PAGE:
Thurstone Scaling as a Measurement Method to Quantify Subjective Health Outcomes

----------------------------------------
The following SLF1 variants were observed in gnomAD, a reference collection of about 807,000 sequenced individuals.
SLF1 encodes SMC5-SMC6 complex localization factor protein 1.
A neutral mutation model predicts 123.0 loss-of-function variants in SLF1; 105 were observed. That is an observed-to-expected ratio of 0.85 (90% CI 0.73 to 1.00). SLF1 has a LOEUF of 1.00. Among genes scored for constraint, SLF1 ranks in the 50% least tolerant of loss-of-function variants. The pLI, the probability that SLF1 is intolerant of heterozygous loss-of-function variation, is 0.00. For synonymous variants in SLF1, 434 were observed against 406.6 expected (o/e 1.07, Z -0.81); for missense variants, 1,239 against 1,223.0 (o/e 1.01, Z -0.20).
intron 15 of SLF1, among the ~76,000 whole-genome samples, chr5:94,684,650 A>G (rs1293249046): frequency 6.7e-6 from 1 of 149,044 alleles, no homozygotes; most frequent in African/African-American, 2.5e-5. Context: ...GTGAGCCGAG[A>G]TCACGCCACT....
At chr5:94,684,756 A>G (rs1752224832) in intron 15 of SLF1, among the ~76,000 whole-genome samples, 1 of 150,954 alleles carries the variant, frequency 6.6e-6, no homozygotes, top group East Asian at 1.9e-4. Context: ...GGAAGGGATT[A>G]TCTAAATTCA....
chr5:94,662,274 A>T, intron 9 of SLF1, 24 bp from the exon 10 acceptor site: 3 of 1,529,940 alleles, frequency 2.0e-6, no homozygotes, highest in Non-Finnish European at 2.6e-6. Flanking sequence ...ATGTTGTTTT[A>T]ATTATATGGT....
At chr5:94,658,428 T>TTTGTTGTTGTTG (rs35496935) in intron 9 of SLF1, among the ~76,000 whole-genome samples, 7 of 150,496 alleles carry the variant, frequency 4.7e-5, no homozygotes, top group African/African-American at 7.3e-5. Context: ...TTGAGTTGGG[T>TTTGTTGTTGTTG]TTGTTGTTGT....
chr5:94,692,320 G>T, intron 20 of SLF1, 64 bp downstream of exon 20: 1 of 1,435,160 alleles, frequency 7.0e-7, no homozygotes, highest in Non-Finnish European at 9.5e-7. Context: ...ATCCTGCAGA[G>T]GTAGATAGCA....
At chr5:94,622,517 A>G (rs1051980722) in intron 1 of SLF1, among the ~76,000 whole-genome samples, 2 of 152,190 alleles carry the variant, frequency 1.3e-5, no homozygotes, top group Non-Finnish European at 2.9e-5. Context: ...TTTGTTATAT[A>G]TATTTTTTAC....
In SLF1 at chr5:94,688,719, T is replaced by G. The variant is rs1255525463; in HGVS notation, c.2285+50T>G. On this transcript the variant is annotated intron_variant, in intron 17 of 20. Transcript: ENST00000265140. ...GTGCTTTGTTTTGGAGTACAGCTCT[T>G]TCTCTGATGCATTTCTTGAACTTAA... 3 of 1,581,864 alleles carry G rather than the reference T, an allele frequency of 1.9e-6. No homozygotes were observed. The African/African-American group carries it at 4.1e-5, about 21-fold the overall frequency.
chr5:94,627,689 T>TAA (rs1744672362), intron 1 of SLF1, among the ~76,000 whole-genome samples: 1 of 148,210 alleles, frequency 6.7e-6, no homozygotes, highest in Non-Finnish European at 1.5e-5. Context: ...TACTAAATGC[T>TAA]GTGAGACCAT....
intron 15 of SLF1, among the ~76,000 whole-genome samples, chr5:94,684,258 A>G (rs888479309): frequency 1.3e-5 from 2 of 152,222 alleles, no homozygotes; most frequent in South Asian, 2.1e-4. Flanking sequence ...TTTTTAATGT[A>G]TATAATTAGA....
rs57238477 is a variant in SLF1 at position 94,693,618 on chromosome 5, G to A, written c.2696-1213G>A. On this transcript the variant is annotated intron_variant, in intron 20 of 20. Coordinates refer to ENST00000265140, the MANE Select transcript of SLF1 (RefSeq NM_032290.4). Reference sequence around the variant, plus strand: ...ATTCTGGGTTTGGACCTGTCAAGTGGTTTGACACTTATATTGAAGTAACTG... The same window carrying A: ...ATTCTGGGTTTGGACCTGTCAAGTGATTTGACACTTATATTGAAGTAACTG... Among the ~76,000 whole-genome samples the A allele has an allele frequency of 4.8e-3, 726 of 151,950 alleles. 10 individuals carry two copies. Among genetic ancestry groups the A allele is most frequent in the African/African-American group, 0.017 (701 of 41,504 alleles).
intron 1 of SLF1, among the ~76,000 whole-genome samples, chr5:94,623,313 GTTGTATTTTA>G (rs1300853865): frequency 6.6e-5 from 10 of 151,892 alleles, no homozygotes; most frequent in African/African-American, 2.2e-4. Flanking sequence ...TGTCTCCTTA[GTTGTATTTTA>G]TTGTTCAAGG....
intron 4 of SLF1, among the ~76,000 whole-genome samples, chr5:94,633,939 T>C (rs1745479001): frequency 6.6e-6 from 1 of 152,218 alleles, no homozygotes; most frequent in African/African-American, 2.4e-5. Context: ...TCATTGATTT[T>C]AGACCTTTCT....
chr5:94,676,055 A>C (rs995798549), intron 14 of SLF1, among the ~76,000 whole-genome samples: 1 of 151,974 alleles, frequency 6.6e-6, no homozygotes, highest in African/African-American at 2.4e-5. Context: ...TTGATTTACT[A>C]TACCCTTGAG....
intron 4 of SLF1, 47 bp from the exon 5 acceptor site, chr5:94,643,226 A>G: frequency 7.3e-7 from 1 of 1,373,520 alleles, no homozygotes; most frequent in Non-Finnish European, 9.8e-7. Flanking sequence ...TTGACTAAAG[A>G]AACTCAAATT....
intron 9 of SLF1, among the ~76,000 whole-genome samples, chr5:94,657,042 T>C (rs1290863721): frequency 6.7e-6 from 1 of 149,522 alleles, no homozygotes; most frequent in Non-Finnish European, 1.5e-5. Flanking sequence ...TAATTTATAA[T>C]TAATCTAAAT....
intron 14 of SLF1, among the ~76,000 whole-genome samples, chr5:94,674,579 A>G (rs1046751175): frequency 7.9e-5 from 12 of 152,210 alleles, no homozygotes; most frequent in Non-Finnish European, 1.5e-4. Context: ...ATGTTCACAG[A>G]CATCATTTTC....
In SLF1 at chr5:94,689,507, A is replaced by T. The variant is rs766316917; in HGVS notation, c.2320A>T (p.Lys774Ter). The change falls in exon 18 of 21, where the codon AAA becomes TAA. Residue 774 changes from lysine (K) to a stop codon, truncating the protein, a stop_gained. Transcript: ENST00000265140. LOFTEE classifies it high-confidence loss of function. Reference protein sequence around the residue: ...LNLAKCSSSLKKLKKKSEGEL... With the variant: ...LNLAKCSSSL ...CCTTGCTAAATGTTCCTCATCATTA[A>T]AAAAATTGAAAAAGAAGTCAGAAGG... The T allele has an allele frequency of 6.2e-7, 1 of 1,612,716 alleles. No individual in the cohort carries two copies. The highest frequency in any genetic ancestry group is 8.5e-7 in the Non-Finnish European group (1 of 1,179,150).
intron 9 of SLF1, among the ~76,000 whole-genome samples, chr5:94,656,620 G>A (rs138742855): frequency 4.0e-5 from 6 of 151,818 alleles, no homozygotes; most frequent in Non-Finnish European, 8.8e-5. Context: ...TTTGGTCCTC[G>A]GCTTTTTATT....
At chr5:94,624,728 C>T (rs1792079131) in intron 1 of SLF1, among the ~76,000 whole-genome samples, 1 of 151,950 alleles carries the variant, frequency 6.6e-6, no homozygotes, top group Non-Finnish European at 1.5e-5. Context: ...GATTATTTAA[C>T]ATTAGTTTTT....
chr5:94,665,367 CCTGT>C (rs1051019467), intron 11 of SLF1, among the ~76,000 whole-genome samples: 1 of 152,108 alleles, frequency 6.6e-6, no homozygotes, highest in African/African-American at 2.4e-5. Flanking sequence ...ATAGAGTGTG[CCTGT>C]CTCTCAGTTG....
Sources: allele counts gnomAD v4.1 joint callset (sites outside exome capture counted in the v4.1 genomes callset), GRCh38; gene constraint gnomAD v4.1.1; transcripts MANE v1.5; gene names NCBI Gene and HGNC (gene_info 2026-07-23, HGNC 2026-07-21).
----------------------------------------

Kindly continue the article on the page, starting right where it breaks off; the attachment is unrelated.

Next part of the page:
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Background:Many objective health outcome measures are used to monitor patients or evaluate health interventions, but there are also subjective measures. For the latter, it is difficult to derive metric data, which are needed to quantify health outcomes such as functional disability, severity of side effects, and health status.Objective:Thurstone's Law of Comparative Judgment is presented as an alternative means to derive metric values for subjective health outcomes. The appeal of Thurstone's scaling model is that it can transform subjective individual rank order data or comparative preference data to a single group composite interval scale. To demonstrate its contribution, an empirical study was conducted, focusing on the valuation of health states.Research Design:Rank order data were collected for 18 health states and were then used as input for Thurstone scaling. Visual analogue scale (VAS) values were also collected for the same states.Subjects:An agency for market research recruited 212 Dutch respondents aged 18–75 years.Results:The derived Thurstone values showed a strong relationship with the VAS values. The positions of the 2 worst states were almost identical on the VAS and the Thurstone scale. Intermediate states were scaled somewhat differently by the 2 methods.Conclusions:For many subjective health outcomes, Thurstone scaling and its derivatives may be an attractive methodology to arrive at quantitative measures.

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